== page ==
The common name for nitrous oxide is “laughing gas.” Often used by dentists to reduce anxiety, it has been the subject of spoofs on stage and television. It also has been used to ease the pain of childbirth. The very name makes it sound like fun: take a whiff, kick back, start a giggle fit, and enjoy. That oversimplification belies the fact that nitrous oxide abuse is on the rise internationally. Illegal use of the drug, while perhaps not yet common, has the potential to become a serious health risk. Media reports show use and abuse of nitrous oxide is on the rise, particularly at concerts, raves and on college campuses. Dealers often sell balloons filled with nitrous oxide. It also is easy to obtain nitrous oxide cartridges from aerosol cans on grocery store shelves.
Nitrous Oxide Mistakenly Seen As Safe “High”
Britain, in particular, is experiencing a rapid rise in the abuse of nitrous oxide, which social media sites are calling “hippy crack.” Some reports estimate the number of users in the millions. Users have the mistaken notion that nitrous oxide abuse is safe and legal; nevertheless, officials continue to confiscate large numbers of “laughing gas” canisters across the nation. Health professionals are concerned that misinformation on the Internet is glamourizing the use of nitrous oxide.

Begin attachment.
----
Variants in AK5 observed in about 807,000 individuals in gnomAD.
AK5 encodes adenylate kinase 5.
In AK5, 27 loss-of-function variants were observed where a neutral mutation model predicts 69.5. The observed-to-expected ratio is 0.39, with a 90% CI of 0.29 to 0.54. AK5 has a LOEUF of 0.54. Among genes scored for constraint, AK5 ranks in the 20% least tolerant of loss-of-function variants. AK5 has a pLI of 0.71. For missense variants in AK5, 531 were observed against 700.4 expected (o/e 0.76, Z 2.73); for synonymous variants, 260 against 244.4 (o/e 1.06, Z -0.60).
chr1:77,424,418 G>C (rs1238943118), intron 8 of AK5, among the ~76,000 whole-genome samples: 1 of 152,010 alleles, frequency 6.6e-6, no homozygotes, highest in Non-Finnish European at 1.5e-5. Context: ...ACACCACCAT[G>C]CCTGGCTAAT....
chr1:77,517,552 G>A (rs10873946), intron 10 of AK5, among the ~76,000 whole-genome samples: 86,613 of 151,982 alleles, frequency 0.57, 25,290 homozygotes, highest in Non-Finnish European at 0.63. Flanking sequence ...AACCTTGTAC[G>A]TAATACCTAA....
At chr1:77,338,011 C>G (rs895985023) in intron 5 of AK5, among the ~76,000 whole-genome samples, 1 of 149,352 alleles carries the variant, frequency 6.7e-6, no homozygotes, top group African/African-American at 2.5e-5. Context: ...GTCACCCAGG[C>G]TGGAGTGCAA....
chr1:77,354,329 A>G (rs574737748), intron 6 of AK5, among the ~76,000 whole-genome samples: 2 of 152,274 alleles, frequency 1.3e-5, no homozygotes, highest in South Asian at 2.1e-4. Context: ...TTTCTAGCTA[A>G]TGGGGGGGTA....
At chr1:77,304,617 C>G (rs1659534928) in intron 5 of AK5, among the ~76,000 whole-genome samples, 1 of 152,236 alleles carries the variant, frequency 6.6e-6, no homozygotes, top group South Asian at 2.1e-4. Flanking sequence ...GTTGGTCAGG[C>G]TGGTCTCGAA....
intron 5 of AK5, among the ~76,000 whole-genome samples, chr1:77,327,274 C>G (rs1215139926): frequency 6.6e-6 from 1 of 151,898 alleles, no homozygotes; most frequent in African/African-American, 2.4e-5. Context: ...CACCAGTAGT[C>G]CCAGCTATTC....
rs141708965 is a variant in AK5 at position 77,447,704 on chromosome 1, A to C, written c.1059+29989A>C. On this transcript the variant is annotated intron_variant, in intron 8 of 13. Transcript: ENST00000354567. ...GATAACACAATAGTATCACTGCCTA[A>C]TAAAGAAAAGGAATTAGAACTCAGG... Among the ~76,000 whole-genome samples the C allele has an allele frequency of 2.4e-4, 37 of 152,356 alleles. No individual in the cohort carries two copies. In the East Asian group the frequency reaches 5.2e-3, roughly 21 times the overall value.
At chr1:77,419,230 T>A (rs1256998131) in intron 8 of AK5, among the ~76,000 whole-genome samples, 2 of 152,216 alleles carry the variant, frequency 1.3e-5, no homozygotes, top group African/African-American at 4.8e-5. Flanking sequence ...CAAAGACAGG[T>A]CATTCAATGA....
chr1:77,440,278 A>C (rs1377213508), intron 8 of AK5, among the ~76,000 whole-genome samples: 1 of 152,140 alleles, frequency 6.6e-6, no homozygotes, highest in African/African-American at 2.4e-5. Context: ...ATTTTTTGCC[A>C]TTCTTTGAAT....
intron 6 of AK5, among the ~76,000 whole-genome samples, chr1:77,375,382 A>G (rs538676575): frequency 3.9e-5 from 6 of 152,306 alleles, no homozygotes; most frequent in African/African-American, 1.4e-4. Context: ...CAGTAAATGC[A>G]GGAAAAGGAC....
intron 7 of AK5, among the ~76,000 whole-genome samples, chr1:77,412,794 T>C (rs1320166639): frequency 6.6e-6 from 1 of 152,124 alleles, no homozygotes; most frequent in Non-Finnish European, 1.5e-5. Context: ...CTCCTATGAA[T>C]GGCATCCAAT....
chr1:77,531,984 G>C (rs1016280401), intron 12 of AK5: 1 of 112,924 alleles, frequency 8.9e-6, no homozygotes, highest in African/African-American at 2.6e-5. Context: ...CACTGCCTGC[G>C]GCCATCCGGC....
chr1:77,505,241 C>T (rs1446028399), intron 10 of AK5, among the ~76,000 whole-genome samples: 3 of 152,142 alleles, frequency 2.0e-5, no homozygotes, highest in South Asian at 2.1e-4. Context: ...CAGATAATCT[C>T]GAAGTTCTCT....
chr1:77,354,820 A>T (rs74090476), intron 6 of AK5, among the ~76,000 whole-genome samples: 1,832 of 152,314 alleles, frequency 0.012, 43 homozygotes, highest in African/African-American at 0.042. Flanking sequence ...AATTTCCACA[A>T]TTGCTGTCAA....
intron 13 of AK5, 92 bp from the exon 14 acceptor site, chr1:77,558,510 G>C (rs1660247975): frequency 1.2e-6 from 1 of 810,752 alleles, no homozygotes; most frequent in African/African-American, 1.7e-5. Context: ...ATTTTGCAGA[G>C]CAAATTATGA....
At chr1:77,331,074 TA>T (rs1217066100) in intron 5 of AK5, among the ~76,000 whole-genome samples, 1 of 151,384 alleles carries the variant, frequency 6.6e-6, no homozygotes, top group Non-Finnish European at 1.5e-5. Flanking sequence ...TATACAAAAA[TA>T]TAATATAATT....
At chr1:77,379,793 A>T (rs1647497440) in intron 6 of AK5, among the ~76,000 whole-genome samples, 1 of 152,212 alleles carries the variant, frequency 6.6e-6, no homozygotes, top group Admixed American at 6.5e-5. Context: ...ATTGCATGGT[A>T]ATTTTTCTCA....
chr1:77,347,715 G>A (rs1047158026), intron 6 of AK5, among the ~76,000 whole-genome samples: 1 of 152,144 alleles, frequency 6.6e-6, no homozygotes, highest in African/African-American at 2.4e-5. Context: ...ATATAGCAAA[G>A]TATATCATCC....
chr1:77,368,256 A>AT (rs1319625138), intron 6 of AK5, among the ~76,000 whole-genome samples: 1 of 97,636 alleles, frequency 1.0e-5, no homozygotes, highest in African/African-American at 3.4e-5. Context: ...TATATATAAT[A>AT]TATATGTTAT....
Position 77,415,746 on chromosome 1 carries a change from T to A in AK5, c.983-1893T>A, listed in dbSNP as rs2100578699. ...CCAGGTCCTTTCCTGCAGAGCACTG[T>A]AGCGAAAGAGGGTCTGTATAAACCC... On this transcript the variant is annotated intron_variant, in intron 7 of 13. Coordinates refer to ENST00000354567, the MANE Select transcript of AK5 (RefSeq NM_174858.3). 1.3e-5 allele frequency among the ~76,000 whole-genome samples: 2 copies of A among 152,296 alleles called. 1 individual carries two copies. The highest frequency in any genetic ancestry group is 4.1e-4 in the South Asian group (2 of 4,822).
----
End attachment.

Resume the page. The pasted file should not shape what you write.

Abuse of Nitrous Oxide Can Have Serious Consequences
Misuse of nitrous oxide can have tragic consequences because it enters the bloodstream rapidly. Someone who uses it can become unconscious and quit breathing quickly. Death can occur when abusers continue to seek an increased “high” by repeated inhalation in a confined space in a short amount of time. Nitrous oxide can cause lack of motor control, so users risk dangerous falls. In some cases, people can exhibit symptoms that resemble seizures after inhaling too much nitrous oxide.
Spotting Symptoms of Nitrous Oxide Abuse Could Save a Life
Nitrous oxide abuse has observable symptoms. Abusers often break open aerosol cans to find the cartridges and then try to hide the cans. Physical symptoms include nerve damage and anemia. Lack of oxygen in the bloodstream also depletes vitamins, including B12. Abusers may begin to lose weight because of experiencing nausea and appetite loss.